I wish I had the time to go through all these old posts and fix the dead links, but I have another problem with my archives that only goes back to about a year ago, and some of the posts I'm linking to in this one aren't even showing up in my archives because they're earlier than that. I would be an incredibly time-consuming process to find them with Google, but I think that's what it would require.

You've written a rich and thoughtful post. Thank you for speaking so frankly about yourself, your son, and your thinking. The effects of the fall are always heartbreaking. Creation does indeed groan for that day when we will be raised and given new bodies.

When I've thought about these sorts of tragedies, I've wondered about the work of the Holy Spirit in our receptivity to God, our understanding of the nature and calling of God. There is much about faith that gets communicated directly from God's heart to ours, from his Spirit to ours. I've struggled with depression all of my life, and at those times when it becomes overwhelming, my mind fails to be any help. Scripture fails to communicate. Pray seems a waste of time. But my heart at such times is often more tender towards God and more ready to draw close to him than at any other time. That he lifts me up when my mind is unable to summon the strength is all due to his mercy and grace and sovereignty.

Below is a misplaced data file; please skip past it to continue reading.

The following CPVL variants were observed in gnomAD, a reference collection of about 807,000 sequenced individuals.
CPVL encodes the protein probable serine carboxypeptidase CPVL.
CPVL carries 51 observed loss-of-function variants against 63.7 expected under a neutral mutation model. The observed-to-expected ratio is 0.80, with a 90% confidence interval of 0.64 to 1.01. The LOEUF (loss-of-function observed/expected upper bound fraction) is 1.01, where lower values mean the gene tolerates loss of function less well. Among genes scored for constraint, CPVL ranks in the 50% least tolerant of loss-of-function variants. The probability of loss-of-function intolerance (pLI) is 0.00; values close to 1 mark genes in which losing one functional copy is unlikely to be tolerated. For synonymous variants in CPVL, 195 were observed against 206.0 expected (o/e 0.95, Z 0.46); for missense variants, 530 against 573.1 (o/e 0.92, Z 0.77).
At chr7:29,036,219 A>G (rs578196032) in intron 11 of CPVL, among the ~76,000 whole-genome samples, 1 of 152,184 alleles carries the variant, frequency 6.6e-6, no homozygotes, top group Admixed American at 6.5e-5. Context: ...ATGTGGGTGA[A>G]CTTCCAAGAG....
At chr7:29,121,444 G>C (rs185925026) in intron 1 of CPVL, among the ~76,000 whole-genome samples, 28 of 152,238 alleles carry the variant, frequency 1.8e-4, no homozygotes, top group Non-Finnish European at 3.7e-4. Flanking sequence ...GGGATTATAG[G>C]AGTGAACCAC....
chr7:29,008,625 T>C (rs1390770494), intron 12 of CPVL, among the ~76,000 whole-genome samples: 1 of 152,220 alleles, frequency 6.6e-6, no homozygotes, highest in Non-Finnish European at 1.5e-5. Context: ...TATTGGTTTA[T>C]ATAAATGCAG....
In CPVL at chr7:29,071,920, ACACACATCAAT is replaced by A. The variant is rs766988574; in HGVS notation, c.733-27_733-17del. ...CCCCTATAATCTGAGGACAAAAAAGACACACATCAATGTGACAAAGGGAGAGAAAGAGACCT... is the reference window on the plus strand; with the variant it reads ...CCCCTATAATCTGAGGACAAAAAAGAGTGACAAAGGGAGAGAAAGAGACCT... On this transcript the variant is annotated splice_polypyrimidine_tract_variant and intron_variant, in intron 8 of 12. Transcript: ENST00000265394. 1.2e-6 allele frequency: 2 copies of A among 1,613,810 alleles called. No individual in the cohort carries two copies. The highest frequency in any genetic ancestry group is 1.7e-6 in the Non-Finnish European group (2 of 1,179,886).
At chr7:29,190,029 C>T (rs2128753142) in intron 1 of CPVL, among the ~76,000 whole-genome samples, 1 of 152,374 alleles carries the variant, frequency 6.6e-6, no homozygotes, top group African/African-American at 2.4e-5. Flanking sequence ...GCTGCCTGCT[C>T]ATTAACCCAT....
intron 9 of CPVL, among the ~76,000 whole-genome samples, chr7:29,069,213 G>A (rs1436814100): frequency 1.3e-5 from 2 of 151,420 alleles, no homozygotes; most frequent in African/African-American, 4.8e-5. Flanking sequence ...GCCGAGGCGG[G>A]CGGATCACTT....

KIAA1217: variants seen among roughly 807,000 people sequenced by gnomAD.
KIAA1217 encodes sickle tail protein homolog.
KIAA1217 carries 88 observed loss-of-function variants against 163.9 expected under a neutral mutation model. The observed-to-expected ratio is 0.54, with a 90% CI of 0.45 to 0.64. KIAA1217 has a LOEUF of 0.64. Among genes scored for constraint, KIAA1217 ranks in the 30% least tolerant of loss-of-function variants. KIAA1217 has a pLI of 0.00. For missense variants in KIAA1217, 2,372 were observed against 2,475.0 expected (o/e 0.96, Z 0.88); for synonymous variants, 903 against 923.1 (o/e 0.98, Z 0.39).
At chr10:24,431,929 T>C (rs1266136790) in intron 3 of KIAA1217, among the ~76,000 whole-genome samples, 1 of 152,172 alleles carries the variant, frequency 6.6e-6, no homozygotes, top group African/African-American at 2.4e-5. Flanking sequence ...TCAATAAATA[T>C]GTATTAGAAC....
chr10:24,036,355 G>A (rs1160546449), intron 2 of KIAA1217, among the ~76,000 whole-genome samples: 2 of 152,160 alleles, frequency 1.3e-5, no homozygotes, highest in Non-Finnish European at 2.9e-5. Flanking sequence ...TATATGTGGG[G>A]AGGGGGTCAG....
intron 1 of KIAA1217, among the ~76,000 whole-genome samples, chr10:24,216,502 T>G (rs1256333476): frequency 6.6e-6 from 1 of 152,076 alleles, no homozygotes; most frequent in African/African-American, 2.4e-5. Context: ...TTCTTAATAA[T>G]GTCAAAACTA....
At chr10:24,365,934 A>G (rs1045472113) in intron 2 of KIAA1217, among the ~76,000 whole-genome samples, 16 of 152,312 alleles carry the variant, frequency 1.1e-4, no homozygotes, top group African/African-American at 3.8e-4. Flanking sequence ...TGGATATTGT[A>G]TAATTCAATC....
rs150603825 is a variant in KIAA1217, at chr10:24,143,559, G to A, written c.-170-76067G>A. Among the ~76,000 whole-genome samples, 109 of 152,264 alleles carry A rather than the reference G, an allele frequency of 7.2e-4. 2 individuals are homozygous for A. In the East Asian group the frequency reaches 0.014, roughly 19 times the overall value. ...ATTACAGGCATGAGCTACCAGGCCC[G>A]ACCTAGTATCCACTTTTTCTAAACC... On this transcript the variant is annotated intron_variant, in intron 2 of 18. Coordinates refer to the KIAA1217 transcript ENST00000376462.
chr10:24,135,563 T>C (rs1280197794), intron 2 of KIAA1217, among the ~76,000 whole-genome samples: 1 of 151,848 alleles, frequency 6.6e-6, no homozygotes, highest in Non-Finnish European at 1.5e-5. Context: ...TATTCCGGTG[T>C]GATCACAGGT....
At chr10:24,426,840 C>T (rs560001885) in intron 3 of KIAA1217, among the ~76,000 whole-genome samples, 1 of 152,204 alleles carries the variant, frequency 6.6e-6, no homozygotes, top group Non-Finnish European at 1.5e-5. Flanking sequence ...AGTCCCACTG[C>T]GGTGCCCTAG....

For all of us, whether of sound mind and body, or not, He is our peace. He is our hope. John 11 is one of my favorite stories, because Jesus weeps at the power of death over the world, but then he speaks and overcomes death with just a word. I hang my hope on Jesus.

I just want to comment on a few post that I read. I like to know the answers to things, and I am not satisfied until I know what God's good and perfect will is.

First off, God does not create broken people. He creates whole people. Satan, is the one who tries to destroy the person through deformity, disease, brokenness, vices and the like. Asperger's in my opinion is Satan's attack on an individual. I can say this with 100% certainty.When you allow the Holy Spirit to work in you and you have faith, you can be made whole the way God intended. I believe that people with Asperger's can come to faith in Jesus Christ. But they also can get deliverance from Asperger's and move on to be whole and live out their God-given purposes in full.